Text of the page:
Director William Wesley’s “Scarecrows” is the epitome of a good idea given a poor execution. “Scarecrows” is one of the many scary scarecrow movies that have become a sub-genre onto themselves in the horror genre, and director Wesley paints his tale like an EC Comics story. Though I can think of plenty more films about scarecrows with a better delivery of its concept; particularly “Dark Night of the Scarecrow.”
The premise is very simple for “Scarecrows.” A group of commandos have pulled off a heist stealing almost five million dollars and have hijacked a plan holding the pilot, his daughter, and their lovable dog Daxie. When one of the commandoes double crosses the team and steals the money, the group land in an abandoned farm inhabited by scarecrows to seek out the money. Before long it’s a game of cat and mouse between the commandoes and the scarecrows as they use the bases of greed to lure in their victims. Much of “Scarecrows” is laughable, from the editing right down to the sound design, while the performances are on par with Joe Pilato. I rarely see an entire cast ham it up, but lo and behold, “Scarecrow” is filled with over the top performances.
Wesley’s film isn’t a complete waste of time, as it manages to pull off some interesting and unnerving shots, including the still shots of the scarecrows whom seem to be communicating with one another, and the final shot of a teammate transformed in to a scarecrow/zombie. “Scarecrows” would be a great comeuppance tale, if it bothered to explore the half hearted themes and sub-plots. Was the only female team member gay? What happened to the trio of men that owned the farm? Were they Satanists that sacrificed themselves over to their land? Has anyone else ever dwelled in to the farm land? Do they seek out bad people, or literally anyone? And why did the director feel it necessary to turn dog Daxie in to a cannibal at the last moment? “Scarecrows” really can be a terrifying movie if it wanted to, but it’s bogged down by under developed characters and really terrible delivery of a concept.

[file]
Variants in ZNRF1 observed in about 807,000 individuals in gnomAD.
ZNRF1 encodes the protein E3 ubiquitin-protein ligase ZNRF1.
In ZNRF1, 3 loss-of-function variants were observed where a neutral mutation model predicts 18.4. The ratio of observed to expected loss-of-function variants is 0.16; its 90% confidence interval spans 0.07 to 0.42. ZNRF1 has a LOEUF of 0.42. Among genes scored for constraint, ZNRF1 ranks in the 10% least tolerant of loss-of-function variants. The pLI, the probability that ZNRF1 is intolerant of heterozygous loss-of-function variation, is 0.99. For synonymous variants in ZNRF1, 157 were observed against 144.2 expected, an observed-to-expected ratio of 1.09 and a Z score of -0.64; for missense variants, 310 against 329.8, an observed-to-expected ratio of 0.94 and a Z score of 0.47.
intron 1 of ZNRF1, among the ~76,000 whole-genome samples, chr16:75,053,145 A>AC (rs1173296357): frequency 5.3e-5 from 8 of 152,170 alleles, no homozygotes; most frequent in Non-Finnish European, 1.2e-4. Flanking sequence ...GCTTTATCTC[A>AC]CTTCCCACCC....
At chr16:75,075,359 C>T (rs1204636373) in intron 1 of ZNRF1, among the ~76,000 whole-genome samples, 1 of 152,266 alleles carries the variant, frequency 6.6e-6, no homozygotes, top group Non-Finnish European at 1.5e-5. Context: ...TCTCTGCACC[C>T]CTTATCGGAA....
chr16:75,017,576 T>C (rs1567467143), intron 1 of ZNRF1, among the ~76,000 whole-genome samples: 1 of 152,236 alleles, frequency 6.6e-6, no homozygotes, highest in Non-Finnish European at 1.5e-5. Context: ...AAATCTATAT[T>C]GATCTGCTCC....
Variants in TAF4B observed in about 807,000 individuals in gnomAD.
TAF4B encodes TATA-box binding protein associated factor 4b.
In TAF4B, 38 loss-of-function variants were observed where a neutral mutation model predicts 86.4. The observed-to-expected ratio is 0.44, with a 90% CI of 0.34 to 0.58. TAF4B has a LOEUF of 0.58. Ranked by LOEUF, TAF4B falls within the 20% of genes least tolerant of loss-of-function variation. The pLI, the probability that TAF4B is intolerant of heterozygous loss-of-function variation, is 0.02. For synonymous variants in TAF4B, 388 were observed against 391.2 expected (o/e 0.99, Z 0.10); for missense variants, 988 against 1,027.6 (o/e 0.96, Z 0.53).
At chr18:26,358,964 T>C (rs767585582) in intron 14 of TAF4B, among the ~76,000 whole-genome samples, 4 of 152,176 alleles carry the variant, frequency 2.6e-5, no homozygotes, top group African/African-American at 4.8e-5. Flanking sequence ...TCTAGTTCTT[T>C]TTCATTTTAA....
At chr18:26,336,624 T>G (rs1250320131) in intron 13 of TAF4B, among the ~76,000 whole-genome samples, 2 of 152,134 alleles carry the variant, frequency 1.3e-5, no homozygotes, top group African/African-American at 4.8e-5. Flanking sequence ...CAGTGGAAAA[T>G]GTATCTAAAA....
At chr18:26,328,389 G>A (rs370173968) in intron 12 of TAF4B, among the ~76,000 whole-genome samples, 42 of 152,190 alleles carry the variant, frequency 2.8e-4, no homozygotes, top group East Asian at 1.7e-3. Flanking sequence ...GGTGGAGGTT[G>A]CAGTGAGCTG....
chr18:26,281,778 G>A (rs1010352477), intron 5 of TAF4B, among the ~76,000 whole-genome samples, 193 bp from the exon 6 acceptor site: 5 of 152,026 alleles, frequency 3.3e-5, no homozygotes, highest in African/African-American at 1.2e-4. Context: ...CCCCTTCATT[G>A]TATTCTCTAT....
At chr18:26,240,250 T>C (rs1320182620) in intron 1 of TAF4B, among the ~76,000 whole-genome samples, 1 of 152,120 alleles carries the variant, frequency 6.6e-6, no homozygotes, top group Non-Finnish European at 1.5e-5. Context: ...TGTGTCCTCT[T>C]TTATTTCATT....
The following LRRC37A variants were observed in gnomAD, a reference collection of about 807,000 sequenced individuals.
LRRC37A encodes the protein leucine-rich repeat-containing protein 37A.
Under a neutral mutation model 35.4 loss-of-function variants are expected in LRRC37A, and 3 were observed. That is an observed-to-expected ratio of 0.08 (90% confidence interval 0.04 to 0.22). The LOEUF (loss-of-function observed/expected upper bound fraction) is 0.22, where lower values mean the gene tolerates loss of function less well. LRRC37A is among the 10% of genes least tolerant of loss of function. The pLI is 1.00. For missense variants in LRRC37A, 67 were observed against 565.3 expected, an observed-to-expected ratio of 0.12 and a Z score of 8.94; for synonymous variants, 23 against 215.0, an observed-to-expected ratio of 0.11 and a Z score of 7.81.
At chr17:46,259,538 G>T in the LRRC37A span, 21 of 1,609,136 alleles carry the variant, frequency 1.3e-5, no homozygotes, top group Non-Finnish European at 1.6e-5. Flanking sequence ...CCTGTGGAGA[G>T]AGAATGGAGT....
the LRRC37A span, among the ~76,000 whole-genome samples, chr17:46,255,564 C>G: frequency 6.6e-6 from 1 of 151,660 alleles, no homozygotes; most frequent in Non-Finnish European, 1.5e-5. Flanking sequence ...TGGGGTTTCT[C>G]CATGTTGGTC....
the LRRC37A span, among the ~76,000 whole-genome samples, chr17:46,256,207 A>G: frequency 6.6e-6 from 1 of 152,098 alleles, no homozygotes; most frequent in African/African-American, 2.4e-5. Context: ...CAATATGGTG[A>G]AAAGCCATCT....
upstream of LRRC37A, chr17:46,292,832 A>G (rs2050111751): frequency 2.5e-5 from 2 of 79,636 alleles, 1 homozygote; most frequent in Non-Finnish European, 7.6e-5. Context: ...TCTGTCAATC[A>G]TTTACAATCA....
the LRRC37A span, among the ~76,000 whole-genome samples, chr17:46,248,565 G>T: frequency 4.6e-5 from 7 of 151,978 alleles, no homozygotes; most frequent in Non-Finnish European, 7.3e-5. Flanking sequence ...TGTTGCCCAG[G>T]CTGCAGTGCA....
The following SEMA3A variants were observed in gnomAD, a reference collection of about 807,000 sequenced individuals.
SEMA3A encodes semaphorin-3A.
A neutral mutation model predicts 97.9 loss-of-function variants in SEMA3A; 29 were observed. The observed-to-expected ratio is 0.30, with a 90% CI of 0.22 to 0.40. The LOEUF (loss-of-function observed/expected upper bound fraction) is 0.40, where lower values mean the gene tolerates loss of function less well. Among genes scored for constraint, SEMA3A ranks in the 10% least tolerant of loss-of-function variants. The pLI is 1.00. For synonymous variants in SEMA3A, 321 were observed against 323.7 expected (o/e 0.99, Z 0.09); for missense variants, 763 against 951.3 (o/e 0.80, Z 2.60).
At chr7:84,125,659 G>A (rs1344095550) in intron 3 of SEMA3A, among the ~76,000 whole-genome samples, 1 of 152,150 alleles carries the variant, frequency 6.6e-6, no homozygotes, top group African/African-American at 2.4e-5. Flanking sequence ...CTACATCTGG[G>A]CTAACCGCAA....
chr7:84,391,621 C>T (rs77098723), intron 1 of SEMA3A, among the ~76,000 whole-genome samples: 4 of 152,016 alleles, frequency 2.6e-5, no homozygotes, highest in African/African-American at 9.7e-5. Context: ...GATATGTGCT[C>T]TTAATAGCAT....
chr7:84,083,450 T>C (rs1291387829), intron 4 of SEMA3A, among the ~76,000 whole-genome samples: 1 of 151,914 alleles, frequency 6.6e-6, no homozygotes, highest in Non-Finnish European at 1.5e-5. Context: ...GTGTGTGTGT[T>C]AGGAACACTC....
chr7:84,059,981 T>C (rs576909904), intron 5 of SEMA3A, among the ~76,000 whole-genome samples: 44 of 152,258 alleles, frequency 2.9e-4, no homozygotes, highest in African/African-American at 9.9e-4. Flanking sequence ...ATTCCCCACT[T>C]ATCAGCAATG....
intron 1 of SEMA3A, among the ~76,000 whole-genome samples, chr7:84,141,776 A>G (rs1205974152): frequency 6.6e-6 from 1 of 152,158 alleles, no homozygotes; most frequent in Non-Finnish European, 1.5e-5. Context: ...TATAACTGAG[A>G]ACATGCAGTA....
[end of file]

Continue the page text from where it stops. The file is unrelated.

The Blu-Ray from Scream Factory offers up The Last Straw with Norman Cabrera, a sixteen minute feature about Norman Carbrera’s work on the special effects of the film. There’s also an interview with star Ted Vernon. To boot there are original storyboards, a still gallery, the theatrical trailer and two full length audio commentaries. The first features Director William Wesley and Producer Cami Winikoff, while the second offers interviews as commentary with Co-Screenwriter Richard Jefferies, DP Peter Deming and Composer Terry Plumeri.